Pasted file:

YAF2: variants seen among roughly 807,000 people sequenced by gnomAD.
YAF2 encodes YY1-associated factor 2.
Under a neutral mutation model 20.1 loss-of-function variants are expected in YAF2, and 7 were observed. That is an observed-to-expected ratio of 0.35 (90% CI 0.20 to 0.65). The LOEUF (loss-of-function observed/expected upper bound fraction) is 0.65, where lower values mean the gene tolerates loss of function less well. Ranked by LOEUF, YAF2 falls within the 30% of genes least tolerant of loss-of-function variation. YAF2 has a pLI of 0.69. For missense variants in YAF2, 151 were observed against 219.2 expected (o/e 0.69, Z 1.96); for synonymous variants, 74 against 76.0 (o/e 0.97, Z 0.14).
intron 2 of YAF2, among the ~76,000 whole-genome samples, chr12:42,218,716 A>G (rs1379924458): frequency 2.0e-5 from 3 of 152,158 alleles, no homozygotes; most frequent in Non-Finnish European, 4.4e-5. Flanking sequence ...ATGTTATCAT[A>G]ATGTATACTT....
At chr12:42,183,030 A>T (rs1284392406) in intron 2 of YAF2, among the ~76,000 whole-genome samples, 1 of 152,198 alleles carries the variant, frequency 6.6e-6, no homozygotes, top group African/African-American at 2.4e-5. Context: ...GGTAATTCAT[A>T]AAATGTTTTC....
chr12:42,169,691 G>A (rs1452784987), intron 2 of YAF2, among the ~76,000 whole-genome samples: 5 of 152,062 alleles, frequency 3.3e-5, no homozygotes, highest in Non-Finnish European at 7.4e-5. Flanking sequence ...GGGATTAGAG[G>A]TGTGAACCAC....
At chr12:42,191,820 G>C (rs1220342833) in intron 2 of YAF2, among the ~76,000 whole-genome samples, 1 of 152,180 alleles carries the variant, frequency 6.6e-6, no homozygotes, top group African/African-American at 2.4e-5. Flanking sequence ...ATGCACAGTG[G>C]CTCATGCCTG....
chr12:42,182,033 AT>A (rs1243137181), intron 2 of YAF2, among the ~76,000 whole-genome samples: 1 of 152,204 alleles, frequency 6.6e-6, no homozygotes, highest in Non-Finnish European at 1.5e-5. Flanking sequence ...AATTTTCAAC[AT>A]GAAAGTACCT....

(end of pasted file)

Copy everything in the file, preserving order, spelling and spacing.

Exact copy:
YAF2: variants seen among roughly 807,000 people sequenced by gnomAD.
YAF2 encodes YY1-associated factor 2.
Under a neutral mutation model 20.1 loss-of-function variants are expected in YAF2, and 7 were observed. That is an observed-to-expected ratio of 0.35 (90% CI 0.20 to 0.65). The LOEUF (loss-of-function observed/expected upper bound fraction) is 0.65, where lower values mean the gene tolerates loss of function less well. Ranked by LOEUF, YAF2 falls within the 30% of genes least tolerant of loss-of-function variation. YAF2 has a pLI of 0.69. For missense variants in YAF2, 151 were observed against 219.2 expected (o/e 0.69, Z 1.96); for synonymous variants, 74 against 76.0 (o/e 0.97, Z 0.14).
intron 2 of YAF2, among the ~76,000 whole-genome samples, chr12:42,218,716 A>G (rs1379924458): frequency 2.0e-5 from 3 of 152,158 alleles, no homozygotes; most frequent in Non-Finnish European, 4.4e-5. Flanking sequence ...ATGTTATCAT[A>G]ATGTATACTT....
At chr12:42,183,030 A>T (rs1284392406) in intron 2 of YAF2, among the ~76,000 whole-genome samples, 1 of 152,198 alleles carries the variant, frequency 6.6e-6, no homozygotes, top group African/African-American at 2.4e-5. Context: ...GGTAATTCAT[A>T]AAATGTTTTC....
chr12:42,169,691 G>A (rs1452784987), intron 2 of YAF2, among the ~76,000 whole-genome samples: 5 of 152,062 alleles, frequency 3.3e-5, no homozygotes, highest in Non-Finnish European at 7.4e-5. Flanking sequence ...GGGATTAGAG[G>A]TGTGAACCAC....
At chr12:42,191,820 G>C (rs1220342833) in intron 2 of YAF2, among the ~76,000 whole-genome samples, 1 of 152,180 alleles carries the variant, frequency 6.6e-6, no homozygotes, top group African/African-American at 2.4e-5. Flanking sequence ...ATGCACAGTG[G>C]CTCATGCCTG....
chr12:42,182,033 AT>A (rs1243137181), intron 2 of YAF2, among the ~76,000 whole-genome samples: 1 of 152,204 alleles, frequency 6.6e-6, no homozygotes, highest in Non-Finnish European at 1.5e-5. Flanking sequence ...AATTTTCAAC[AT>A]GAAAGTACCT....